by Laura Ferguson
Fuq Boiz: The Resurrection has comedy sketches about how the world is ending and that we need the Fuq Boiz back to revitalise civilisation. Underwear-clad Parkinson and Richards enter the stage and decide the way to save the world is with a party. The show begins with brief introduction to the duo before ploughing in, ensuring us that they aren’t really fuckbois. They shoehorn in the fact that their director and producer are female before conducting a diversity audience test. Then we set all that aside and get into the ‘we need to save the world by having a party’ theme. We get a few sketches leading up to said party, do some time jumping group breakups and then we arrive at the party that is supposed to help save the world. But it is unclear how or why.
I will say that there is a hilarious joke about the origin of the word company which made me laugh a lot. It was moments like this in the first half that I see the performers at their best and glimpses of brilliance. Parkinson and Richards are charming, no doubt and have the kind of stage presence that ensures audience engagement. They have an innate ability to make their audience invested and connected to what they do, no matter how bizarre the sketches become.
However, the comedy sketches seem lumped in and loosely tied to a general theme. Unfortunately, that means there are gaping holes of logic that are hard to gloss over. How is the party still on track if the group break-up is for sufficient time for one of them to birth a child? How exactly is this supposed to help a world that is experiencing a 10-year storm? Leap of faiths only work if you know what is catching you has a parachute, and the Fuq Boiz parachute seems to be a ratty tablecloth that they only hope works.
The care shown earlier in the night to try and be equal and diverse does not continue into the depths of what equality and equity mean. During of the two group breakup scenes, one builds a loving family, the other is homeless. The portrayal of the family is as if it is disposable and the homelessness is treated as a joke: a crass, unclever one. Parkinson ranting at a passing Richards if he wants to pay to see a dick shows the debased idea of what people perceive homelessness to be, a domain for raving lunatics undeserving of empathy because of what society has made them. It is a fuckboi treatment of a societal issue, but then why ask us at the beginning to know that’s not who you are?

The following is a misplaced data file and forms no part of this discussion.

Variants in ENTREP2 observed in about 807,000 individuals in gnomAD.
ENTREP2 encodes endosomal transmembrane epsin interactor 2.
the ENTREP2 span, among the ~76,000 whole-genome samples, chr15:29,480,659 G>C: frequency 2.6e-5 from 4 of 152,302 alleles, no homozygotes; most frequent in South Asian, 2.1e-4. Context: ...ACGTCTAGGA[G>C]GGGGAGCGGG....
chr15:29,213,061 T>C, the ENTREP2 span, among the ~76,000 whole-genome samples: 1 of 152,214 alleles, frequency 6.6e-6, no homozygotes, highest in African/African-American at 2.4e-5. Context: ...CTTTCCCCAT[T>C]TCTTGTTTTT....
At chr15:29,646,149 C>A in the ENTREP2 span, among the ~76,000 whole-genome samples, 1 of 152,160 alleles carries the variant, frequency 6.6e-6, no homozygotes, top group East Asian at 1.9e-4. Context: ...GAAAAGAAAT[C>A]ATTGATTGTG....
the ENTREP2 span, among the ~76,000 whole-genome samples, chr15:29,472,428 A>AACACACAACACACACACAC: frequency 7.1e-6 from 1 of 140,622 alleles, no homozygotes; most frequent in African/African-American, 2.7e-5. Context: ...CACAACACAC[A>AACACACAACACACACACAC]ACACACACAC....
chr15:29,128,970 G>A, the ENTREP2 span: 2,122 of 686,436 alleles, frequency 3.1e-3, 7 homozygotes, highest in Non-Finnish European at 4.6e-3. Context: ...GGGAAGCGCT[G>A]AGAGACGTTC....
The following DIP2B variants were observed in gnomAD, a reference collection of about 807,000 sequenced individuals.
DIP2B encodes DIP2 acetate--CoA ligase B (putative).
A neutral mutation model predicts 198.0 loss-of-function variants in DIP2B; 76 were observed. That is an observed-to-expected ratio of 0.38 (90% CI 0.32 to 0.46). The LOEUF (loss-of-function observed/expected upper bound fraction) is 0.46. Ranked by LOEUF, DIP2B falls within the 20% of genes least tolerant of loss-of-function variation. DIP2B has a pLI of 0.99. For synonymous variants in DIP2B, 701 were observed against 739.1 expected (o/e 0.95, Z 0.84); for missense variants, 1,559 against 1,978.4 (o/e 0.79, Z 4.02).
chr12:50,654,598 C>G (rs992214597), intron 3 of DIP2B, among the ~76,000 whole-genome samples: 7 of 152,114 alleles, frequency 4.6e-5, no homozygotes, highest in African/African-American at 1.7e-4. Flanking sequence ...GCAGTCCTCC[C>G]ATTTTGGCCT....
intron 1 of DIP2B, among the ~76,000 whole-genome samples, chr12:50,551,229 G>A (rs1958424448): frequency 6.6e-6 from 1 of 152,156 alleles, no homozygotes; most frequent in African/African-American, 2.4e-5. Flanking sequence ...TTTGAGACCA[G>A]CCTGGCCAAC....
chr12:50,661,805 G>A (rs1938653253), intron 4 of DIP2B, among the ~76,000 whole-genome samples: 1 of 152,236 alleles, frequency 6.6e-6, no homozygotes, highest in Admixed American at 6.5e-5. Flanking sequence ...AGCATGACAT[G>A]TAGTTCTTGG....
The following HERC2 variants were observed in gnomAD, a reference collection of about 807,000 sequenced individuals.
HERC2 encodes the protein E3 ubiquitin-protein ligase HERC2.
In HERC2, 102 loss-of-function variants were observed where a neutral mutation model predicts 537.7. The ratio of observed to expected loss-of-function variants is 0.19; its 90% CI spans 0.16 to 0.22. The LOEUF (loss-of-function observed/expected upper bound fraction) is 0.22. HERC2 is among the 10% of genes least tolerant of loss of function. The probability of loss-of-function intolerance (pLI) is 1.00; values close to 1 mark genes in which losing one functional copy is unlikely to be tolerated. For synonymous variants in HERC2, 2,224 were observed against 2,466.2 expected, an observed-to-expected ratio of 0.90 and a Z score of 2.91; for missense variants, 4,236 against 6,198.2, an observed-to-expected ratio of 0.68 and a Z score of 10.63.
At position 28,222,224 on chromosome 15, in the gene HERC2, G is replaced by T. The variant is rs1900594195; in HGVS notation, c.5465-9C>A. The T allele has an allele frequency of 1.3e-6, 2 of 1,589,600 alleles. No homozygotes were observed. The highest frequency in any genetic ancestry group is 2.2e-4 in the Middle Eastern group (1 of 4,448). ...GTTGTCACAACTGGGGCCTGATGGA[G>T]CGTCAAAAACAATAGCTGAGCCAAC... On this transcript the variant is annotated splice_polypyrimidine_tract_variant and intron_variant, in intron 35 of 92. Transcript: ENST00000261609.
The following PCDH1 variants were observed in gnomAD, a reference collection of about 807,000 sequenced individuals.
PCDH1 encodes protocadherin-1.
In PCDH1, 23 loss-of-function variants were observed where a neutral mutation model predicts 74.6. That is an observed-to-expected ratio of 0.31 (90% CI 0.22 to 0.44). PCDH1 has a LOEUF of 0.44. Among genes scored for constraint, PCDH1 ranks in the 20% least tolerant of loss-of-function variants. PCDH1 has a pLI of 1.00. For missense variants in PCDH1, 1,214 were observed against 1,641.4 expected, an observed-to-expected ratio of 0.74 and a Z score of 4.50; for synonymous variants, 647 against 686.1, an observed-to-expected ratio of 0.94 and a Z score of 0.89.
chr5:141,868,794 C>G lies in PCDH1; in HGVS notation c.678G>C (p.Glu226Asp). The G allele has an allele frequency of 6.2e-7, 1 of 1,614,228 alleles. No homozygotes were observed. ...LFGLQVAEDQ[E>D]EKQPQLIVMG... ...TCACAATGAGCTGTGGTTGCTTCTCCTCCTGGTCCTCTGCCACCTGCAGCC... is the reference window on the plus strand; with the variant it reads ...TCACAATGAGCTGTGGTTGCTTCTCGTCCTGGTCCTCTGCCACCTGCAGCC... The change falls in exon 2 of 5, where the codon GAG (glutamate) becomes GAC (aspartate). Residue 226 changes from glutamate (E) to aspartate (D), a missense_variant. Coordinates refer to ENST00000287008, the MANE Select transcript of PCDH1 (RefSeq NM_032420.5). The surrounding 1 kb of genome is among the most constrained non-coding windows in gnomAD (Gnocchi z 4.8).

I have been lucky enough to see a few good comedy sketch shows this year. Frickin’ Dangerous Bros’ Humble and Parker and Sainsbury’s Giggly Gerties are two of the funniest I have seen this year. With the shows essentially using the same formula—male comedy sketch crew, woke attitude, compelling stage presence—why did I feel so deflated after Fuq Boiz? Part of the reason is those the first five minutes of the show are spent making sure we believe they aren’t really fuckbois. Name-dropping their racially diverse and female production team and conducting an audience diversity check showed that the duo were afraid of any backlash to their white, cis-gender, straight, male selves for simply putting on a show. And yet, didn’t make fun of this expectation, it is a missed opportunity that doesn’t take advantage of comedy beats the show could have injected. There are jokes pointing out their un-fuckboi-ness, like going into a heated rage when, once again, their audience is mostly white and middle-class, but these seem flimsy and weak. I sat wondering why name your show Fuq Boiz is you’re going to spend your time apologising for it without cashing in on the comedy potential.
Fuq Boiz spent so much time telling me what it wasn’t, they never got round to what it was. Once Fuq Boiz was stripped of the moniker, I wasn’t really sure what they were trying to show me. If you’re not a Fuq Boi, who are you? You asked us to look at your dick after asking us to see your PC-ness. You make sure we know your team includes women but don’t think to portray a woman as a character in your show yourselves. You name your show Fuq Boiz but then don’t even allow the audience to applaud you when the show ends. Why?
And yes, the show ends by Parkinson and Richards replacing themselves with women who usher us out unceremoniously without giving us the chance to applaud the people we paid to see. This appears to be a further extension of the apologetic “sorry we’re straight white men” theme from the top of the show, but being replaced by women (I’m guessing they were the aforementioned director and producer) to close the show meant we didn’t get to clap for Parkinson and Richards, but we didn’t get to do the same for the others involved. No acknowledgement to sound or lighting, the backstage crew, or the director and producer you made sure to mention were
women. So everyone’s hard work goes unrewarded aside from ticket sales and the laughter garnered throughout the show. It confused me, and I thought maybe the real ending would happen in the theatre lobby instead. But no, that was it.
Parker and Richards were energetic and charming and fun even if the show had some problems. Just for the killer etymology joke alone I wanted to clap my hands red for the duo. I didn’t get a chance to show my appreciation for our not-fuckbois at the show, so I’ll do it now. Here’s to you, Hamish Parkinson and Ryan Richards; you confused me, but I enjoyed myself. Maybe next time there is a Fuq Boiz resurrection, I will get the raring, full of life version rather than this meandering zombie one.
Fuq Boiz: Resurrection has its final show at BATS Theatre on Saturday 29 September. Please visit the BATS Theatre website for more information and booking details.